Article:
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RENEWABLE BLACK PELLETS TRIALLED IN FINLAND AS A COAL SUBSTITUTE


Clean Electricity Generation (CEG) and Turun Seudun Energiantuotanto (TSE) have announced the successful logistics, handling and combustion trial of over 1,000 tonnes of CEG renewable black pellets at TSE’s coal-fired power unit Na2 in Naantali power plant, Finland. The pellets, produced from


sustainably sourced biomass, served as a drop-in substitute for fossil coal in the co-firing trial. The renewable black pellets were


produced at CEG’s high temperature Torrefaction facility in Derby, UK, and transported by ship to Naantali, Finland. In Naantali, the pellets were


stored outdoors, uncovered and exposed to rain and normal autumn weather conditions. The pellets were then conveyed to the unit Na2 power block’s coal silos and mills, and ultimately the coal-fired boiler unit. The objectives of the trial were to


evaluate replacement of fossil coal with torrefied pellets, demonstrate that the fuel switch from fossil to renewable can occur without significant investment at the power station, and prove that CEG pellets can withstand outdoor storage for a certain time. CEG renewable black pellets were high energy and demonstrated


hydrophobic behaviour, standard coal handling, efficient combustion and good grindability. TSE is further evaluating the detailed technical performance of the pellets, as the basis for a fuel replacement decision.


BIRMINGHAM BOOSTS GLOBAL CLEAN ENERGY PROSPECTS


British and German experts from industry and academia will create a new ‘Innovation Hub’ based in Birmingham to deliver new approaches to energy and waste management that will benefit cities and communities in China and around the world. Energy experts from the


University of Birmingham and Fraunhofer UMSICHT have renewed their Joint Research Platform set up in 2016, with plans to locate collaborative research in a new centre at the city’s Tyseley Energy Park. Set to open in 2021, the Hub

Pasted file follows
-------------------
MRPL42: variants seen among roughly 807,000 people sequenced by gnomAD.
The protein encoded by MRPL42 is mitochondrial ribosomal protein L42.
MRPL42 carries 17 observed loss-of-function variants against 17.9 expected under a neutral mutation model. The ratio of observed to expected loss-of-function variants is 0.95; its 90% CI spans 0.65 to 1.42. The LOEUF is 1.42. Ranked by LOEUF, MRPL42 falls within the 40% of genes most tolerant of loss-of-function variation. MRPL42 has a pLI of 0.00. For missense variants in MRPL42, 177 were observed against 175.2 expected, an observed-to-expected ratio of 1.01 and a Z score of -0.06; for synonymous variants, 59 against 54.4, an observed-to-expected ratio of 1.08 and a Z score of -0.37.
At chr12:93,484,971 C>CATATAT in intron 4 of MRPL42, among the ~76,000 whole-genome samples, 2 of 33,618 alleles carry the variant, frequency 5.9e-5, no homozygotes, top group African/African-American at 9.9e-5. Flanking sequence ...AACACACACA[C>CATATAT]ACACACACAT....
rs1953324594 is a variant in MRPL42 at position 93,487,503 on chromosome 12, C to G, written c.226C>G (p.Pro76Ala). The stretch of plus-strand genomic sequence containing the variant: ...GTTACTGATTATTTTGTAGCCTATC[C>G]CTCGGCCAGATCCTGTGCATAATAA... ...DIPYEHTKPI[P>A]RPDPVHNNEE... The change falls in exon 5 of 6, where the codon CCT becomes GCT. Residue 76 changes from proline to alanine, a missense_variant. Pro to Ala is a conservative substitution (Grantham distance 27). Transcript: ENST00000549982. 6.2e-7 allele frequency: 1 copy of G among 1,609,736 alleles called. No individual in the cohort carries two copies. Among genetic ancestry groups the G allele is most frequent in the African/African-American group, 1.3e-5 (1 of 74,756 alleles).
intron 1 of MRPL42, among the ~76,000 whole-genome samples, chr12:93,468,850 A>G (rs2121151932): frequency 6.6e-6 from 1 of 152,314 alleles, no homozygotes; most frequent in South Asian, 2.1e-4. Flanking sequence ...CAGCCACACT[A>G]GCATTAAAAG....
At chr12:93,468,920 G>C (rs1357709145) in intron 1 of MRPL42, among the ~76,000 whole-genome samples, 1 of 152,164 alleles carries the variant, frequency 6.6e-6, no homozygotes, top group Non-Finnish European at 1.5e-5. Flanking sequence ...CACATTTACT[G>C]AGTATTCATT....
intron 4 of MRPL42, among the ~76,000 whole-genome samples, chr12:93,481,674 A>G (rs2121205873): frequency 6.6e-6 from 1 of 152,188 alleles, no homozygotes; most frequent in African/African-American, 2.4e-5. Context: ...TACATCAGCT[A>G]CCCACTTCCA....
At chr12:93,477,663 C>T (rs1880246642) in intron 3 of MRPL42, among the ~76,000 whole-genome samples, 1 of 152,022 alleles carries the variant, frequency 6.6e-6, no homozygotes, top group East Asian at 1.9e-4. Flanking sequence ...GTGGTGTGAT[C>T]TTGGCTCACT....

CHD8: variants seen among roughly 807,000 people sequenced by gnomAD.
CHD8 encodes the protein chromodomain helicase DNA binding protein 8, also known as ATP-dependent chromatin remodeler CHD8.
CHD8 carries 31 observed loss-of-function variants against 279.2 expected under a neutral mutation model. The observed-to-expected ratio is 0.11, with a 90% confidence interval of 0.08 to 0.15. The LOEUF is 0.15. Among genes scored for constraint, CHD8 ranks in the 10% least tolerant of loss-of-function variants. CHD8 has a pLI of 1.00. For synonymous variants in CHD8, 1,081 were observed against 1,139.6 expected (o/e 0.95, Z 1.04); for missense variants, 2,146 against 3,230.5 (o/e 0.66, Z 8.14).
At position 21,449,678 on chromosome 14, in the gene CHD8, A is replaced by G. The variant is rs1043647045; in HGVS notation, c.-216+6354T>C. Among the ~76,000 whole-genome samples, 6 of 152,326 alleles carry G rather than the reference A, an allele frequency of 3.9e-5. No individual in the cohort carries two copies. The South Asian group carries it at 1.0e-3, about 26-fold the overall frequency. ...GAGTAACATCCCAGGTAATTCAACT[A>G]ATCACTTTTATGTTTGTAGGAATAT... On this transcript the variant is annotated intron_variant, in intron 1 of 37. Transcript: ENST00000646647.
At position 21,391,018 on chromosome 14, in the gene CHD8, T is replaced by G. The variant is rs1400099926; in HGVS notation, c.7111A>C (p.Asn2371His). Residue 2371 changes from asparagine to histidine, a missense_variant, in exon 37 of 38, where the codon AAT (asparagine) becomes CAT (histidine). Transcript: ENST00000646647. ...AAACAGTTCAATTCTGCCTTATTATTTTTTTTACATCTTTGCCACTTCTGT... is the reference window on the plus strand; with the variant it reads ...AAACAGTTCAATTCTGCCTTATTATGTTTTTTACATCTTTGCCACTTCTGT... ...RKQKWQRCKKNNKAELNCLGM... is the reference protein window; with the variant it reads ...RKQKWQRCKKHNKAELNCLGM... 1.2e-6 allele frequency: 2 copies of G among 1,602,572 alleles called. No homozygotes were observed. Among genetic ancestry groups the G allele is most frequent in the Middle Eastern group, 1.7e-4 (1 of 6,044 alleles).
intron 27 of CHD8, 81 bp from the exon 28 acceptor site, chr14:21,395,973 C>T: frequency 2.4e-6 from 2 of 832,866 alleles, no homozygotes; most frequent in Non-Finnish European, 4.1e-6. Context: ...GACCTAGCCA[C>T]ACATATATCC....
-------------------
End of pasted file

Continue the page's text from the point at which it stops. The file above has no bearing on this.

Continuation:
ENERGY AUDIT TOOL LAUNCHED


DNV GL has developed an energy audit tool to easily audit multiple business sites and help customers save money by optimising existing technologies, such as lighting, ventilation, air control and server rooms. The new tool comes as the Article


8 of the European Energy Efficiency Directive is being adopted. The legislation requires all large


enterprises based in the European Union to comply with the national energy audit obligation, including calculating their total energy consumption and identifying saving opportunities across their estate, every four years. Organisations with multiple


operations across Europe must meet the legislative requirements of every Member State they operate


in. All 28 countries have their own specific audit requirements. DNV GL’s new tool automatically


calculates energy balances and energy saving opportunities, using an algorithm to calculate average energy use in case of missing data, and allow for easy benchmarking. Using the new tool, best practices


can be identified and shared across multiple sites.


will link to the creation of a technology transfer centre in China in partnership with Jiangsu Industrial Technology Research Institute (JITRI), in Nanjing, and funded through Research England’s International Investment Initiative (I3) programme. BEI director, Professor Martin


Freer said: “In establishing the Innovation Hub, we’re looking to develop collaborative research programmes related to waste processing and recycling - in particular the development of technologies capable of delivering biofuels.” The partnership between BEI


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and Fraunhofer UMSICHT has been cemented through a series of new research programmes and development of a Thermo- Catalytic Reformer plant at Tyseley Energy Park. Thermo- Catalytic Reforming (TCR) technology has been developed by Professor Andreas Hornung, chair in Bioenergy at the University of Birmingham and director of the Institute Branch, Sulzbach- Rosenberg, Fraunhofer UMSICHT.


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